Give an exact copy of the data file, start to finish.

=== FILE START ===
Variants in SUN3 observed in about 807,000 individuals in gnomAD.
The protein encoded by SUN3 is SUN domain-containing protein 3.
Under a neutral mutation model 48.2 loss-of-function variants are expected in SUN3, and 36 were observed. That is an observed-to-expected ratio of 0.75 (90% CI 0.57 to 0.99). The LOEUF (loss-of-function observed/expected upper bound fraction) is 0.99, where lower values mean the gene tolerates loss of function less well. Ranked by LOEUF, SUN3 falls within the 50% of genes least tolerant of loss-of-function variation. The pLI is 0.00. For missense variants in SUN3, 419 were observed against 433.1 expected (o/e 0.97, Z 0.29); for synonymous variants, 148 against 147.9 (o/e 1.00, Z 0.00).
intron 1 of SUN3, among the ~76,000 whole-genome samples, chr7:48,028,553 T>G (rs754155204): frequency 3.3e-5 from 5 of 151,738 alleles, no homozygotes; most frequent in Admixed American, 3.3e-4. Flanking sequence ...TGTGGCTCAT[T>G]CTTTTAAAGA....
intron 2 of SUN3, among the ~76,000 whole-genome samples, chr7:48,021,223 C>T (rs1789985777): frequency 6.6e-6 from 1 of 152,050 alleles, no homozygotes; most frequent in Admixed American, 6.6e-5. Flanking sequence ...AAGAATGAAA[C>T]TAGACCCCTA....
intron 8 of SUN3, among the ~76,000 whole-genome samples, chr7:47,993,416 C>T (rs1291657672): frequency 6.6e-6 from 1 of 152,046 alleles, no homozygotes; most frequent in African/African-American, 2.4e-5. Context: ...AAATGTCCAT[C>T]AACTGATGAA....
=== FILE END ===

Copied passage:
Variants in SUN3 observed in about 807,000 individuals in gnomAD.
The protein encoded by SUN3 is SUN domain-containing protein 3.
Under a neutral mutation model 48.2 loss-of-function variants are expected in SUN3, and 36 were observed. That is an observed-to-expected ratio of 0.75 (90% CI 0.57 to 0.99). The LOEUF (loss-of-function observed/expected upper bound fraction) is 0.99, where lower values mean the gene tolerates loss of function less well. Ranked by LOEUF, SUN3 falls within the 50% of genes least tolerant of loss-of-function variation. The pLI is 0.00. For missense variants in SUN3, 419 were observed against 433.1 expected (o/e 0.97, Z 0.29); for synonymous variants, 148 against 147.9 (o/e 1.00, Z 0.00).
intron 1 of SUN3, among the ~76,000 whole-genome samples, chr7:48,028,553 T>G (rs754155204): frequency 3.3e-5 from 5 of 151,738 alleles, no homozygotes; most frequent in Admixed American, 3.3e-4. Flanking sequence ...TGTGGCTCAT[T>G]CTTTTAAAGA....
intron 2 of SUN3, among the ~76,000 whole-genome samples, chr7:48,021,223 C>T (rs1789985777): frequency 6.6e-6 from 1 of 152,050 alleles, no homozygotes; most frequent in Admixed American, 6.6e-5. Flanking sequence ...AAGAATGAAA[C>T]TAGACCCCTA....
intron 8 of SUN3, among the ~76,000 whole-genome samples, chr7:47,993,416 C>T (rs1291657672): frequency 6.6e-6 from 1 of 152,046 alleles, no homozygotes; most frequent in African/African-American, 2.4e-5. Context: ...AAATGTCCAT[C>T]AACTGATGAA....